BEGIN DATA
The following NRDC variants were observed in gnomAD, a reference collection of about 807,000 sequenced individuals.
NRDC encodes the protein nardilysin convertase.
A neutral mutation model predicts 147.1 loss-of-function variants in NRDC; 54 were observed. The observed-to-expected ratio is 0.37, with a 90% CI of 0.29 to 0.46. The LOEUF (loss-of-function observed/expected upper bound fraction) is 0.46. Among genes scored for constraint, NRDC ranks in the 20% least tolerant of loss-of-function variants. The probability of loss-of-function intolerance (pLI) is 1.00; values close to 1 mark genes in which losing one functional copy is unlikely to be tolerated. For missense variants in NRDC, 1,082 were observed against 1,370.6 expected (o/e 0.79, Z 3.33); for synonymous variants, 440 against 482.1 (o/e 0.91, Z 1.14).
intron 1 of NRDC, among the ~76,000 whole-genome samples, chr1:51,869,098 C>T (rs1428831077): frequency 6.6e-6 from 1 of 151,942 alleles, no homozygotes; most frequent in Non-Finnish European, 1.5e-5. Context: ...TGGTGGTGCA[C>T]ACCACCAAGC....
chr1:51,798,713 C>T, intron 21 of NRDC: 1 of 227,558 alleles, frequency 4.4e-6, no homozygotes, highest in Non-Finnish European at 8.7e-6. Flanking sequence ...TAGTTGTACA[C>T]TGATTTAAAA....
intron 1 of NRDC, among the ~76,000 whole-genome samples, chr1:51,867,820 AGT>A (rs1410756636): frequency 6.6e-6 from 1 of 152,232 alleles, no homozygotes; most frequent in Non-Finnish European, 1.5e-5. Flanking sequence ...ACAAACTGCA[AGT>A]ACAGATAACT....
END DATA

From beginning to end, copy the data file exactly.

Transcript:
The following NRDC variants were observed in gnomAD, a reference collection of about 807,000 sequenced individuals.
NRDC encodes the protein nardilysin convertase.
A neutral mutation model predicts 147.1 loss-of-function variants in NRDC; 54 were observed. The observed-to-expected ratio is 0.37, with a 90% CI of 0.29 to 0.46. The LOEUF (loss-of-function observed/expected upper bound fraction) is 0.46. Among genes scored for constraint, NRDC ranks in the 20% least tolerant of loss-of-function variants. The probability of loss-of-function intolerance (pLI) is 1.00; values close to 1 mark genes in which losing one functional copy is unlikely to be tolerated. For missense variants in NRDC, 1,082 were observed against 1,370.6 expected (o/e 0.79, Z 3.33); for synonymous variants, 440 against 482.1 (o/e 0.91, Z 1.14).
intron 1 of NRDC, among the ~76,000 whole-genome samples, chr1:51,869,098 C>T (rs1428831077): frequency 6.6e-6 from 1 of 151,942 alleles, no homozygotes; most frequent in Non-Finnish European, 1.5e-5. Context: ...TGGTGGTGCA[C>T]ACCACCAAGC....
chr1:51,798,713 C>T, intron 21 of NRDC: 1 of 227,558 alleles, frequency 4.4e-6, no homozygotes, highest in Non-Finnish European at 8.7e-6. Flanking sequence ...TAGTTGTACA[C>T]TGATTTAAAA....
intron 1 of NRDC, among the ~76,000 whole-genome samples, chr1:51,867,820 AGT>A (rs1410756636): frequency 6.6e-6 from 1 of 152,232 alleles, no homozygotes; most frequent in Non-Finnish European, 1.5e-5. Flanking sequence ...ACAAACTGCA[AGT>A]ACAGATAACT....